From the end of the road the group went into the trees and climbed round the western side of the hill.  The ground was very slippery in places and one unfortunate member slipped on the moss covered stones as she crossed an old dyke, breaking her glasses and sustaining a couple of small cuts.  After first aid, administered by another member, she was able to carry on.  The group continued through the trees until they reached the next forest road.
When we were going along a track and crossing over an area of fallen down stones from a dyke, Susan went headlong, crashing on to her face, her glasses saving her eyes but the left side pressed hard into her eyelid and below it, cutting her badly and breaking the glass. She looked pretty awful, especially as the lid started swelling and closing over her eye, giving sight in only one of the them but she insisted that she was OK to carry on and there was not one whimper of complaint from her the whole of the day.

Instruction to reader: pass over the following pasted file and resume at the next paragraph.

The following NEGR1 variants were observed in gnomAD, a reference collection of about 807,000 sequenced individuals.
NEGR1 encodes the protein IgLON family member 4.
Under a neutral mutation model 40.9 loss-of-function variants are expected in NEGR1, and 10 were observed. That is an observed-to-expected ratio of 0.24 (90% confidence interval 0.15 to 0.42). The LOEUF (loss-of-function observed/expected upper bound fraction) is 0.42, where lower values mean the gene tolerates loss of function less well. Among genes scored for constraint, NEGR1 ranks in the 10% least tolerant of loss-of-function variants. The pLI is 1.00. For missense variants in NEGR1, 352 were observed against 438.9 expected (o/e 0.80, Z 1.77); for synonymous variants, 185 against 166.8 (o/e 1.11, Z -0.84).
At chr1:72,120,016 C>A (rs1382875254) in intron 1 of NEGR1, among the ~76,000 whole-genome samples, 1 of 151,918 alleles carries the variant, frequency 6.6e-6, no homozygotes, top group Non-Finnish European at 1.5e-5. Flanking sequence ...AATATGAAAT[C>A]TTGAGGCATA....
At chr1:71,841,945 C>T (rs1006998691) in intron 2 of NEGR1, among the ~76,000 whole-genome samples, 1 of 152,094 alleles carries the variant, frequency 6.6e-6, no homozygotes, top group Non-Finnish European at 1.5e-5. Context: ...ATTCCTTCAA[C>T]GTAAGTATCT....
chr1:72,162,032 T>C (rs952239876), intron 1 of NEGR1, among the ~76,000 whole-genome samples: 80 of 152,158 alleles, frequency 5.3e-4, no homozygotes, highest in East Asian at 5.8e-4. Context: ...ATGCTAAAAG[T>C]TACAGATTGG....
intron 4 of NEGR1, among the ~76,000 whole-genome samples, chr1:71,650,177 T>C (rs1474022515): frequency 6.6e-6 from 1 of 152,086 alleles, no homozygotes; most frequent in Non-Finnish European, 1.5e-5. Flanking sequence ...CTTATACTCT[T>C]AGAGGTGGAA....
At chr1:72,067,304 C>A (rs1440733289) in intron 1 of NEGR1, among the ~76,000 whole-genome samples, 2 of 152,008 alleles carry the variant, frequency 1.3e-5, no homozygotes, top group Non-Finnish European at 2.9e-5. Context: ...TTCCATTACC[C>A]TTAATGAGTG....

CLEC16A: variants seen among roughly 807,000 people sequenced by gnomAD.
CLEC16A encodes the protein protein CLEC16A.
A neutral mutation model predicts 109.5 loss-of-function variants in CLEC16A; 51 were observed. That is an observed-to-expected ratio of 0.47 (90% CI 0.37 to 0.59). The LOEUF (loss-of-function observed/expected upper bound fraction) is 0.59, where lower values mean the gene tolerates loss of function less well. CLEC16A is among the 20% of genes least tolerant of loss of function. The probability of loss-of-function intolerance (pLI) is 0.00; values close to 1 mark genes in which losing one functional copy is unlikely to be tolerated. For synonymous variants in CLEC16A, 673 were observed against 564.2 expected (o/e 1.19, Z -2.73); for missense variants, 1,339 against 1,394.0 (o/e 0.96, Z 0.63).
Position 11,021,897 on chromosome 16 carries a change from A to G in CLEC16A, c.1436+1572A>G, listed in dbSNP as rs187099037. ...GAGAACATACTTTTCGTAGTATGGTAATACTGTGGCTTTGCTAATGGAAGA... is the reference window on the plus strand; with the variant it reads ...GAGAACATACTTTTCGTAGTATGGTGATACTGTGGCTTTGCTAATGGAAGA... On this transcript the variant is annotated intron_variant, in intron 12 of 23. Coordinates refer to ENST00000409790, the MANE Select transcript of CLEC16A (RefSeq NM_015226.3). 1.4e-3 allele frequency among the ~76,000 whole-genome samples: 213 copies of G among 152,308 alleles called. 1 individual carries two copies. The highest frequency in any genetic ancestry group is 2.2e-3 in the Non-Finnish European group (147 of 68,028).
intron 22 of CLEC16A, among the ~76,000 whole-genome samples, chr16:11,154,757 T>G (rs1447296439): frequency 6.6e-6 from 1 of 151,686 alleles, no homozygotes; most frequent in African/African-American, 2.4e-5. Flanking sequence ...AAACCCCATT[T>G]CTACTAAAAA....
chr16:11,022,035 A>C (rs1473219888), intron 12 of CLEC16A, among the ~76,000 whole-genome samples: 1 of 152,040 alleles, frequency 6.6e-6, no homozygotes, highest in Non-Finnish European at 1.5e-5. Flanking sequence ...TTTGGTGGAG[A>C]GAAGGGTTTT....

The sun had now cleared most of the clouds and as they followed the road eastwards there were lovely views southwards over the young woods and fields towards Luce Bay with the Isle of Man silhouetted on the horizon.  They followed the road for about a mile then turned southwards through the younger trees along a rough path.  The path had been well used by the local roe & red deer but none of these animals were seen.  Small amounts of bark stripping of the young trees by the deer were observed all along the path.  The path emerged near the end of another spur road.  The ramblers followed it to its terminus and continued through the recently planted and well nibbled broadleaved trees to the boundary of the forest. The group then zig zagged up and down the fields using the various field gates and finally climbed up to the small copse on the summit of Challoch Hill.  From here the views were spectacular in all directions.  There was a wide panorama over Luce Bay with the sun sparkling off the water between the Mull of Galloway and the Machars peninsula.  Further round Stranraer was visible at the end of Loch Ryan and Kirkcolm nestling in its small valley further along the loch as it sheltered from the westerly winds.   This was probably why both Orange and Vodafone had chosen to place their telephone mast there.  In the middle of the wood there was a derelict wooden lookout tower which at one time was manned each spring to spot forest fires in the many forests to the north and east.  The walkers went round to the north side of the wood to get shelter from the keen breeze while they ate their lunches. The views in this direction were also magnificent with the moors of Wigtownshire and the Galloway Hills all bathed in sunshine.